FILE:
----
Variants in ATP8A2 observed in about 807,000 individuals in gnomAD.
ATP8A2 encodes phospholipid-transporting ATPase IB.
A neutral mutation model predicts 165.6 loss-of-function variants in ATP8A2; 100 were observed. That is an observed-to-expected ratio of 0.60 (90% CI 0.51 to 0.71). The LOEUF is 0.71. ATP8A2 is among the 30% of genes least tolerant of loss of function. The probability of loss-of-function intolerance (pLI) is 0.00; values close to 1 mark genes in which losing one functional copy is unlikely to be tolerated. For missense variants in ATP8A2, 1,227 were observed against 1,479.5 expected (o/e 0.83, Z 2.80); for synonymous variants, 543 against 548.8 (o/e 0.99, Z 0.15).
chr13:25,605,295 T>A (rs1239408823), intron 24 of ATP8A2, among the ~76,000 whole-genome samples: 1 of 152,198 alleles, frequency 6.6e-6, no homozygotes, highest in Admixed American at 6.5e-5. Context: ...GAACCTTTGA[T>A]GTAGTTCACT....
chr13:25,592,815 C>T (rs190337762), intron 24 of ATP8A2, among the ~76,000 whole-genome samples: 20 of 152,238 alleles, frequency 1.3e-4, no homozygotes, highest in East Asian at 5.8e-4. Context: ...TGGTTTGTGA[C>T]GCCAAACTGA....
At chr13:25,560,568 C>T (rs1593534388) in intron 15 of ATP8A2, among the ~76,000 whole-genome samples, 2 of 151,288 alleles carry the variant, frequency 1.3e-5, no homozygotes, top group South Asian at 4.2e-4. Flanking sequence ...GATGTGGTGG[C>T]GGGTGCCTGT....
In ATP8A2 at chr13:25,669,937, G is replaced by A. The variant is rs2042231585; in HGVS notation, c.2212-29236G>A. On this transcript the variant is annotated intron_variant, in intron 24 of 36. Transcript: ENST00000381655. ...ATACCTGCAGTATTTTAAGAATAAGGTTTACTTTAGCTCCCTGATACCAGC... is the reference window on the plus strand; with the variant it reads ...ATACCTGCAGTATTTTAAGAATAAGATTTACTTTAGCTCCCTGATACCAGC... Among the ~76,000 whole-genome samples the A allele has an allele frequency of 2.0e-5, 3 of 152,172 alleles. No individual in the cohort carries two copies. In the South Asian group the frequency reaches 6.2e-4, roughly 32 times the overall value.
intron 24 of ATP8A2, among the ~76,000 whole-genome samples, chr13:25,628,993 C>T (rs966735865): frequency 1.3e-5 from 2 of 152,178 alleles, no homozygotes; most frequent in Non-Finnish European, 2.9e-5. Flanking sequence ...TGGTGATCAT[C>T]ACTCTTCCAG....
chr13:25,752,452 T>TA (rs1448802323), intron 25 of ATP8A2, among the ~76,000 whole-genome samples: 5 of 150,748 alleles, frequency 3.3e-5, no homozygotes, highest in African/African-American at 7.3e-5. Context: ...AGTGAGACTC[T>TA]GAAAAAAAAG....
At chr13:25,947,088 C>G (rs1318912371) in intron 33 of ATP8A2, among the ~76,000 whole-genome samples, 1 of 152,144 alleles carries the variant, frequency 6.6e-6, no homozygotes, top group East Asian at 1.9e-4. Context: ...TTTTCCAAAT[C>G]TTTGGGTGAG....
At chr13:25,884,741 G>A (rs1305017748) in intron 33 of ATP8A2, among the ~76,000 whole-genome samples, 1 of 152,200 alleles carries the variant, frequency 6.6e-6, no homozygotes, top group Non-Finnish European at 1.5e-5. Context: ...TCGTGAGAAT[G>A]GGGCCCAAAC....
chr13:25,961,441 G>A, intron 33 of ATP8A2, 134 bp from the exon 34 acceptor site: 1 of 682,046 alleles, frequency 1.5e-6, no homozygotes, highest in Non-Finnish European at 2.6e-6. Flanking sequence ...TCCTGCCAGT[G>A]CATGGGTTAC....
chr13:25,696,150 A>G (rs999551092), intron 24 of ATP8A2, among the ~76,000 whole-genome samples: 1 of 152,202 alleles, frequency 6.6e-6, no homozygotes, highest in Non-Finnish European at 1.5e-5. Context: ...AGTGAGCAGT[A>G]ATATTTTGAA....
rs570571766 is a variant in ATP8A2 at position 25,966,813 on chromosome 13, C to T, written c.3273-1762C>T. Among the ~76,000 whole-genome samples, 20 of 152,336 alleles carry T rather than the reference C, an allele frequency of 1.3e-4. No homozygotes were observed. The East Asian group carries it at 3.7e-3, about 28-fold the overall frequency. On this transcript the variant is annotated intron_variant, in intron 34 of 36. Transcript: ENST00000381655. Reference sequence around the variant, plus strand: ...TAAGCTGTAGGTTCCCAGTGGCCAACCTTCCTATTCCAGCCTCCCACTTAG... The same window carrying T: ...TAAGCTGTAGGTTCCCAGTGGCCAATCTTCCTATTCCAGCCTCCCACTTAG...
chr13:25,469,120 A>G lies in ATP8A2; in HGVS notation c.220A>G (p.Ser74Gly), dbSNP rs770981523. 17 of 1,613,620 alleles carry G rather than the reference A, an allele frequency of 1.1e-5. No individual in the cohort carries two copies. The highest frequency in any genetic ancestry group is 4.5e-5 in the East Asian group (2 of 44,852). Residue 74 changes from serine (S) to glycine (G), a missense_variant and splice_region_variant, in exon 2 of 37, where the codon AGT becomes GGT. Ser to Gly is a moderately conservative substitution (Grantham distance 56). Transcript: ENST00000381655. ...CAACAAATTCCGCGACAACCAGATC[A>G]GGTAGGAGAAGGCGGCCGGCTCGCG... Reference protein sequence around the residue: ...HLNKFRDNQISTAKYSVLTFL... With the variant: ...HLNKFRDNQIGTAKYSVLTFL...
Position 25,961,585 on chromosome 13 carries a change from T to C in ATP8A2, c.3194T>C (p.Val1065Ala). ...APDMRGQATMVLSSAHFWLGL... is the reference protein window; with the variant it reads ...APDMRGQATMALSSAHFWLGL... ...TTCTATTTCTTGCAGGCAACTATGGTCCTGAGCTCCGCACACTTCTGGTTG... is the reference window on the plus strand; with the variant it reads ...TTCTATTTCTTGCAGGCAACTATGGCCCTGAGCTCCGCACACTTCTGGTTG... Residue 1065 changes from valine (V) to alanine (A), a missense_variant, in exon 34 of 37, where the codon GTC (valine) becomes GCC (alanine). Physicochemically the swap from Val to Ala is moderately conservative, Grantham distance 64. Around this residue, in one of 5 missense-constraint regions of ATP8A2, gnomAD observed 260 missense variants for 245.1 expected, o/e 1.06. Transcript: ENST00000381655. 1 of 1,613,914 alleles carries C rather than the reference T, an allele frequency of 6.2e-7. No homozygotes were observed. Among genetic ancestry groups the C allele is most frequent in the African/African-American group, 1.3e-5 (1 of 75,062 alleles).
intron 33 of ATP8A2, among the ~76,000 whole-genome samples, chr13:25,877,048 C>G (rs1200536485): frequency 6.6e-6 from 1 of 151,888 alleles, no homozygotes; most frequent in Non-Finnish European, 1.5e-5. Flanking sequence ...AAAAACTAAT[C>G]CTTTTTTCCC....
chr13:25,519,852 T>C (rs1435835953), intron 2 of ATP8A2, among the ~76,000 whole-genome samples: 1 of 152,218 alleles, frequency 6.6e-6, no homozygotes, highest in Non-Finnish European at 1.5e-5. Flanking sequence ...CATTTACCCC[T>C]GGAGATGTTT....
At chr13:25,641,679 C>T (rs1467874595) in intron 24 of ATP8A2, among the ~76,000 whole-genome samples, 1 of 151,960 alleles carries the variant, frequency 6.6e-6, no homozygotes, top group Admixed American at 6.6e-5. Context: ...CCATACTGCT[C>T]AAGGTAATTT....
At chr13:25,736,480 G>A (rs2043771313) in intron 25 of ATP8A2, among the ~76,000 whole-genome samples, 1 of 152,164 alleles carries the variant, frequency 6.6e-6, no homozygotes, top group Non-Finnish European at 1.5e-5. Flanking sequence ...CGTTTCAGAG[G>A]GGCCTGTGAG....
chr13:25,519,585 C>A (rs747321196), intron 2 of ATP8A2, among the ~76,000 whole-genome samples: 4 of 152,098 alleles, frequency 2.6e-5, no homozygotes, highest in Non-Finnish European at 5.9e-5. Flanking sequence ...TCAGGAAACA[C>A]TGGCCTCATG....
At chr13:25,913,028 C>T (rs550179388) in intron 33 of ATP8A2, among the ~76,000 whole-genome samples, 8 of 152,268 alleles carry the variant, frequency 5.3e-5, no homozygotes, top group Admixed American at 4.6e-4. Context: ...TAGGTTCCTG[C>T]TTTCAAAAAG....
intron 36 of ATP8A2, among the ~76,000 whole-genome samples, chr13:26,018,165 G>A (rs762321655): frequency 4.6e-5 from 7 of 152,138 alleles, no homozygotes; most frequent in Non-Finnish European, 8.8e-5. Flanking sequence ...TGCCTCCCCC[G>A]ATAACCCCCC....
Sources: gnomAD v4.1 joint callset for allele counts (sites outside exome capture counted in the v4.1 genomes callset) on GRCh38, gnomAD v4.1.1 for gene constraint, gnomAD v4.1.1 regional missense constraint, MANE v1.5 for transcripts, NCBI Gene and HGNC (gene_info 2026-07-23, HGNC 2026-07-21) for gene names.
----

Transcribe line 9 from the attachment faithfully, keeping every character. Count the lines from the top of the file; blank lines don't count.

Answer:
chr13:25,752,452 T>TA (rs1448802323), intron 25 of ATP8A2, among the ~76,000 whole-genome samples: 5 of 150,748 alleles, frequency 3.3e-5, no homozygotes, highest in African/African-American at 7.3e-5. Context: ...AGTGAGACTC[T>TA]GAAAAAAAAG....